Fear of the Unknown
© 2012 Dlo08
For the past month, as the number of self-immolations climbed, my adviser and I sat down several times, trying to figure out activities we can do to highlight the situation better here at the University I’m currently studying at. Then last week, I saw the video campaign with messages to world leaders launched by SFT spreading in the web-sphere. My adviser, Carole McGranahan, called me and my friend, Ben, who is also doing his PhD related to Tibet, into her office to ask if we wanted to do our own videos for the campaign.
At first I was hesitant. I told her I had been thinking about it but was having second thoughts because I plan to go to Tibet at some point in the future and didn’t want to hurt my chances of getting my visa to go in. Carole was supportive but reminded me that there were individuals related to Tibet who have gone to Tibet and China despite having been related to high profile activist-related activities in their past.
Instantly I went, “Oh yeah!” and remembered Lhadon Tethong, Tashi Rabgey, and Elliot Sperling to name few highly known individuals within the Tibetan diaspora context who have gone to Tibet and China.
In 1998, Lhadon Tethong and Tashi Rabgey shared the stage to speak to thousands on Tibet at the Freedom Concert in DC.
Both Tethong and Rabgey have continued to be highly visible figures in the Tibetan diaspora context with their work, at different capacities, towards empowering Tibet at-large. Since their speeches at the Freedom Concert in 1998, both women have continued, in different but sometimes similar paths, their work and have travelled to China and Tibet.
Lhadon was not only able to secure a visa but was residing for a short period in China in 2007, writing and reporting daily about Tibet in the runner up to the 2008 Beijing Olympics on her blog Beijing Wide Open. Tashi Rabgey has continued to travel to Tibet and other places to continue her work that focuses on empowering communities, including our own. Both of these women have taken very different paths since 1998, however, both women have still stayed true to themselves and their shared goal to better the cause of Tibet, be it grassroots political movement or capacity building through community development on-or-for the Tibetan plateau.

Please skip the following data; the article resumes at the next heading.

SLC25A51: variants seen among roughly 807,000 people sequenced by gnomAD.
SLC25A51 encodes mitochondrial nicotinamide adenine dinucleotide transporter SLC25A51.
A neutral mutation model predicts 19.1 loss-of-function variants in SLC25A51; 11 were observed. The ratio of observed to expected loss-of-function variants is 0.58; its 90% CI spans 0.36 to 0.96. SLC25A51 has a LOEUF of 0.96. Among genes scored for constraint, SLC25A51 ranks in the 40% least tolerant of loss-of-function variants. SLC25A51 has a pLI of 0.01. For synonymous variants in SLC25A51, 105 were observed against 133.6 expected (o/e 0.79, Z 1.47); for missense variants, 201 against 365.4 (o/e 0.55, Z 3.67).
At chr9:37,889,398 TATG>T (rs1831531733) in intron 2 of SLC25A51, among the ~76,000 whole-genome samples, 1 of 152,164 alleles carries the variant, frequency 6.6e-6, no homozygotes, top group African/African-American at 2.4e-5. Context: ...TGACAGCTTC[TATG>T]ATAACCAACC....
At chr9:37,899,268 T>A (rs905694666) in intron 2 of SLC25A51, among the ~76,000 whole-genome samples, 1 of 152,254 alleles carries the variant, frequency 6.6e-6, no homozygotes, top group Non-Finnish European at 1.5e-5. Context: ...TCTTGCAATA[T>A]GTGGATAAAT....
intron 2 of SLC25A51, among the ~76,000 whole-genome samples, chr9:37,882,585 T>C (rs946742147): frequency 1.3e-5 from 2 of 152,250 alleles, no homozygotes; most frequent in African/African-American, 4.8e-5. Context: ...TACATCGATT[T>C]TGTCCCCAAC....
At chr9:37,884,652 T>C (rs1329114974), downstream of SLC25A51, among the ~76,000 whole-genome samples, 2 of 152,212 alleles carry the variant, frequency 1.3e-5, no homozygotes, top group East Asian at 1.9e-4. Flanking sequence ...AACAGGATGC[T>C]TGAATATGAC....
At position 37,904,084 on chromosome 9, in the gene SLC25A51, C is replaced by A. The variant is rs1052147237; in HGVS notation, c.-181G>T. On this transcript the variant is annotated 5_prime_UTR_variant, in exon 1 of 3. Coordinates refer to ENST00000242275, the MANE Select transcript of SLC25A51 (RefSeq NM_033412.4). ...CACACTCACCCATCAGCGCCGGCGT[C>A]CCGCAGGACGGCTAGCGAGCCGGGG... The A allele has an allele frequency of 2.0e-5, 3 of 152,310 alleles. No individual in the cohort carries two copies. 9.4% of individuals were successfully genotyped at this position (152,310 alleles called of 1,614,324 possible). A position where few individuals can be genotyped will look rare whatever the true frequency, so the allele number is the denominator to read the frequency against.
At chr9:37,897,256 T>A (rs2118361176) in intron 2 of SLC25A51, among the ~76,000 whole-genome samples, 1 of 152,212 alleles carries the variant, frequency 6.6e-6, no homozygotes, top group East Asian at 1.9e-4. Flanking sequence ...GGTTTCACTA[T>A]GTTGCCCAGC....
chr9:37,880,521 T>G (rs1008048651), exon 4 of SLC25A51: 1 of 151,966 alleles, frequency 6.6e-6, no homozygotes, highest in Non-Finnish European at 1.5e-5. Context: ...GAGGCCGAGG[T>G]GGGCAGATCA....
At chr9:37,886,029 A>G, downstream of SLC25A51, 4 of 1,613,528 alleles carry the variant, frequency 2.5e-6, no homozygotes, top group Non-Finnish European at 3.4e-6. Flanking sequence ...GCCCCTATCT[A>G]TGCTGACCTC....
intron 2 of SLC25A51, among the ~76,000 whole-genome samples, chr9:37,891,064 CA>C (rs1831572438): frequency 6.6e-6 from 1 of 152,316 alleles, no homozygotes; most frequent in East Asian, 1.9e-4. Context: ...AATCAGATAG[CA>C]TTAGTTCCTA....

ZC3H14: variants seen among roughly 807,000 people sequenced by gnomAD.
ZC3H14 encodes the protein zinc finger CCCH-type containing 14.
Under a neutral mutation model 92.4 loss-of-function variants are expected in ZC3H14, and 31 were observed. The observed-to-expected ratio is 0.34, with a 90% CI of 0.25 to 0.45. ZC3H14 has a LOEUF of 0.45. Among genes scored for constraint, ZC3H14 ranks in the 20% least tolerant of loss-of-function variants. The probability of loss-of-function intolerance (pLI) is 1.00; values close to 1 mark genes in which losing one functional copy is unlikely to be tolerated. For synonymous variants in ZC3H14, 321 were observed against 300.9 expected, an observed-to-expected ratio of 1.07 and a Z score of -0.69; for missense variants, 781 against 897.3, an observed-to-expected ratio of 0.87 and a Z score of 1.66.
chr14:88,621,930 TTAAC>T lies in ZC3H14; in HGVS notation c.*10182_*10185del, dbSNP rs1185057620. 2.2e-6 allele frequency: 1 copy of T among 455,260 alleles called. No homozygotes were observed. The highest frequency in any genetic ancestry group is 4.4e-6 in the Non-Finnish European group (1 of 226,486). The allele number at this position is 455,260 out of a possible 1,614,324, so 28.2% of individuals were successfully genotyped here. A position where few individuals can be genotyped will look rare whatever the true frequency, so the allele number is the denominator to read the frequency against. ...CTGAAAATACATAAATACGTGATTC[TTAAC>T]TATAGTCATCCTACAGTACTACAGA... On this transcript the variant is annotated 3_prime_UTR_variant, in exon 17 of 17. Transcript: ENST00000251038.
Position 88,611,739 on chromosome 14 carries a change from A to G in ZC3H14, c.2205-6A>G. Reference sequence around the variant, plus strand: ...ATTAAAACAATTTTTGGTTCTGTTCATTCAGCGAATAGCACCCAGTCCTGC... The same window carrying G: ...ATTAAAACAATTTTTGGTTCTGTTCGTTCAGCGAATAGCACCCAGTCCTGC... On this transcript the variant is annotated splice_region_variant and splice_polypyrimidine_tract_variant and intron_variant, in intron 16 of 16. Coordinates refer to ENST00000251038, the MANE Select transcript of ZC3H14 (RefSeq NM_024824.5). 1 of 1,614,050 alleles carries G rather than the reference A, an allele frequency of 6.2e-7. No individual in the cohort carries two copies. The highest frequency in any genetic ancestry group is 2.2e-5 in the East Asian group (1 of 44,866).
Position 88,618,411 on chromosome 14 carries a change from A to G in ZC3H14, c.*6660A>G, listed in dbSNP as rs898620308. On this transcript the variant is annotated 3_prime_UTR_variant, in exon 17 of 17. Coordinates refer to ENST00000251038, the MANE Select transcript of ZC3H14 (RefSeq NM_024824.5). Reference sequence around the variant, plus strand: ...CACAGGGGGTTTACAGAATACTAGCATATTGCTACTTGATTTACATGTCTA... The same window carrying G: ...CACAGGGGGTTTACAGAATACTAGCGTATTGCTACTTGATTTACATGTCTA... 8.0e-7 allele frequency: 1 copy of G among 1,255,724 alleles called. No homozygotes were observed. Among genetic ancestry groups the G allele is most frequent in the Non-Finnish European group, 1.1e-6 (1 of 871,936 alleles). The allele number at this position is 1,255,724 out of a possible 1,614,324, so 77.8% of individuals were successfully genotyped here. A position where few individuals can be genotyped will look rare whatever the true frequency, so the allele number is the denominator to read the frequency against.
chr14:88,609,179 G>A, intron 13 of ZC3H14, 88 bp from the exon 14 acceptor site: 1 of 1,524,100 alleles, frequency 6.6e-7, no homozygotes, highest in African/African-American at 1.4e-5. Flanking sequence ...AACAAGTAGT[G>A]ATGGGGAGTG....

A few years back, I had the pleasure of listening to Professor Elliot Sperling give an explosive and politically charged lecture on Tibet through skype while he was IN China. He was, at the time, visiting several Chinese universities giving lectures on Tibet.
After reminding myself again of these highly visible individuals in exile who have pushed the boundaries for what you can do for your community in their youth and continue to be challenge those boundaries in their adulthood, I wondered why I was hesitant in the first place—especially when I have yet to make any splashes that will have the Chinese take notice of me? Why start making compromises now and what else will I have to compromise later? I recorded this short video calling on President Obama shortly after reflecting over my own fear.
My initial reluctance for making this video was based on fear of the unknown. The idea of, “would I not get a visa to Tibet if I: made this video, attended this talk, went to this vigil, shouted in this protest, talked to this journalist, and so on?” The likelihood of you not getting the visa to Tibet because of A, B, C, and D are true but the same can be said for you not getting that visa for not doing anything and being completely silent. Sure, maybe you can reason to yourself that not taking part in something you feel passionate for may provide you with a better chance for getting the visa to Tibet, but that same assurance can be guaranteed by simply changing your name legally on your passport without ever having to give up anything you feel strongly about. The possibility and loopholes on how to get around that system is endless.
The increase in the number of self-immolations have been weighing down on my mind and I’ve been especially frustrated with the lack of coverage by international media but when it came time to give voice to the situation I instantly thought about hurting my chances of going to Tibet and possibility of becoming useful inside. We all want to go there someday, and some of us have plans on how we can be useful inside, however, why start compromising now when most of us have barely begun that journey?
This is not to make some of you feel guilt nor is it a plea for you to make a video. Your journey is your own, how you choose to speak is your own choice and should remain that way. However, saying “don’t be afraid, speak up!” is not to say that we should treat words lightly.
“It is never my custom to use words lightly. If twenty-seven years in prison have done anything to us, it was to use the silence of solitude to make us understand how precious words are and how real speech is in its impact on the way people live and die.”
— Nelson Mandela at the closing address of the 13th International Aids Conference in Durban, South Africa on July 14 2000.
Silences, like words, also have power but for different reasons, for those who hold themselves back from speaking: Don’t compromise who you are and your own voice for fear of the unknown.